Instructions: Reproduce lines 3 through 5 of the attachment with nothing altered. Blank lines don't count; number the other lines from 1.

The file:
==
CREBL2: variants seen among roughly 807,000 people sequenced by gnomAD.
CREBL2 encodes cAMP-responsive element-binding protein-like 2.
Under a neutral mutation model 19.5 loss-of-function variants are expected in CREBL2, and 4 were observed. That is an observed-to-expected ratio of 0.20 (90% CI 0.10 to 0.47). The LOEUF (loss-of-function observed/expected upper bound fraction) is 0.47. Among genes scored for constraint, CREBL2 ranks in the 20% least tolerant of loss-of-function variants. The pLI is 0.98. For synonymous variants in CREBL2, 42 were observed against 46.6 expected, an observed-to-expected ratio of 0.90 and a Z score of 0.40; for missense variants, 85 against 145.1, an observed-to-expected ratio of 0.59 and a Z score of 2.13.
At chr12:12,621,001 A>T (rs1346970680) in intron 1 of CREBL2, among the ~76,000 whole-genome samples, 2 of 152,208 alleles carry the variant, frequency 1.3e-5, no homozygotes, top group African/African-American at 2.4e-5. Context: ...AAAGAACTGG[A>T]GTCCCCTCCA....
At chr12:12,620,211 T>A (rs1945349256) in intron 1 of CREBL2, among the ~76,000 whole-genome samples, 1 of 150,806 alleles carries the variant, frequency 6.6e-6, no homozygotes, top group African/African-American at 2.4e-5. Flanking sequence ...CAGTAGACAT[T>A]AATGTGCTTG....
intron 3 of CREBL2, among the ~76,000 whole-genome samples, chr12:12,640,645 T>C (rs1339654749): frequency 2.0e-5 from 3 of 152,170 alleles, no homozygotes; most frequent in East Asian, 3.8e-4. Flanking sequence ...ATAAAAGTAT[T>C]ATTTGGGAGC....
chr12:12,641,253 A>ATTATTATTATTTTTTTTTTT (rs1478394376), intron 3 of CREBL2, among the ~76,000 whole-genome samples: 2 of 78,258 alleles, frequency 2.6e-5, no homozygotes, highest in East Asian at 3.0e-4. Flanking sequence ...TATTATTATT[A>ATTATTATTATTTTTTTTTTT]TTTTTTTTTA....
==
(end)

Under a neutral mutation model 19.5 loss-of-function variants are expected in CREBL2, and 4 were observed. That is an observed-to-expected ratio of 0.20 (90% CI 0.10 to 0.47). The LOEUF (loss-of-function observed/expected upper bound fraction) is 0.47. Among genes scored for constraint, CREBL2 ranks in the 20% least tolerant of loss-of-function variants. The pLI is 0.98. For synonymous variants in CREBL2, 42 were observed against 46.6 expected, an observed-to-expected ratio of 0.90 and a Z score of 0.40; for missense variants, 85 against 145.1, an observed-to-expected ratio of 0.59 and a Z score of 2.13.
At chr12:12,621,001 A>T (rs1346970680) in intron 1 of CREBL2, among the ~76,000 whole-genome samples, 2 of 152,208 alleles carry the variant, frequency 1.3e-5, no homozygotes, top group African/African-American at 2.4e-5. Context: ...AAAGAACTGG[A>T]GTCCCCTCCA....
At chr12:12,620,211 T>A (rs1945349256) in intron 1 of CREBL2, among the ~76,000 whole-genome samples, 1 of 150,806 alleles carries the variant, frequency 6.6e-6, no homozygotes, top group African/African-American at 2.4e-5. Flanking sequence ...CAGTAGACAT[T>A]AATGTGCTTG....